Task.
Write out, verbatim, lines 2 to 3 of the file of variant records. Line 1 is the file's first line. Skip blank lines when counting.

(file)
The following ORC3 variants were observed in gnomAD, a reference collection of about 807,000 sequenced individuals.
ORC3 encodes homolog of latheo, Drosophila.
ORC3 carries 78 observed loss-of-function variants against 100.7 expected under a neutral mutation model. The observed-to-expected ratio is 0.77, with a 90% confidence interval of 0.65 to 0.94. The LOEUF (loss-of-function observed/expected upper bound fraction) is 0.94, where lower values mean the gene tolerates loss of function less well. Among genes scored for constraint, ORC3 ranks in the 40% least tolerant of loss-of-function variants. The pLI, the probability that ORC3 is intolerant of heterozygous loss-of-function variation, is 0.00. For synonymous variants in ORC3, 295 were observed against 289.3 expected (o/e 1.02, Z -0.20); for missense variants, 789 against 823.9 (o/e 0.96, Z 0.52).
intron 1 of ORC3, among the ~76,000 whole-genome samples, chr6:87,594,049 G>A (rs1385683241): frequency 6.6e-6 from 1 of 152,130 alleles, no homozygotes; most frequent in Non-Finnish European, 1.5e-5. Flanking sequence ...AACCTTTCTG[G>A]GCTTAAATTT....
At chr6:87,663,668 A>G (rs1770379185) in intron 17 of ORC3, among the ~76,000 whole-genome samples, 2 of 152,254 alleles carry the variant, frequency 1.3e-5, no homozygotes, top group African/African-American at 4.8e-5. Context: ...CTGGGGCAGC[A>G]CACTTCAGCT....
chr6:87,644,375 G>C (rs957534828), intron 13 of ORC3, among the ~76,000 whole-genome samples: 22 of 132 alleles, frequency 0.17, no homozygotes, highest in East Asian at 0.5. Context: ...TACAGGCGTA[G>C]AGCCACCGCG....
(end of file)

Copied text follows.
ORC3 encodes homolog of latheo, Drosophila.
ORC3 carries 78 observed loss-of-function variants against 100.7 expected under a neutral mutation model. The observed-to-expected ratio is 0.77, with a 90% confidence interval of 0.65 to 0.94. The LOEUF (loss-of-function observed/expected upper bound fraction) is 0.94, where lower values mean the gene tolerates loss of function less well. Among genes scored for constraint, ORC3 ranks in the 40% least tolerant of loss-of-function variants. The pLI, the probability that ORC3 is intolerant of heterozygous loss-of-function variation, is 0.00. For synonymous variants in ORC3, 295 were observed against 289.3 expected (o/e 1.02, Z -0.20); for missense variants, 789 against 823.9 (o/e 0.96, Z 0.52).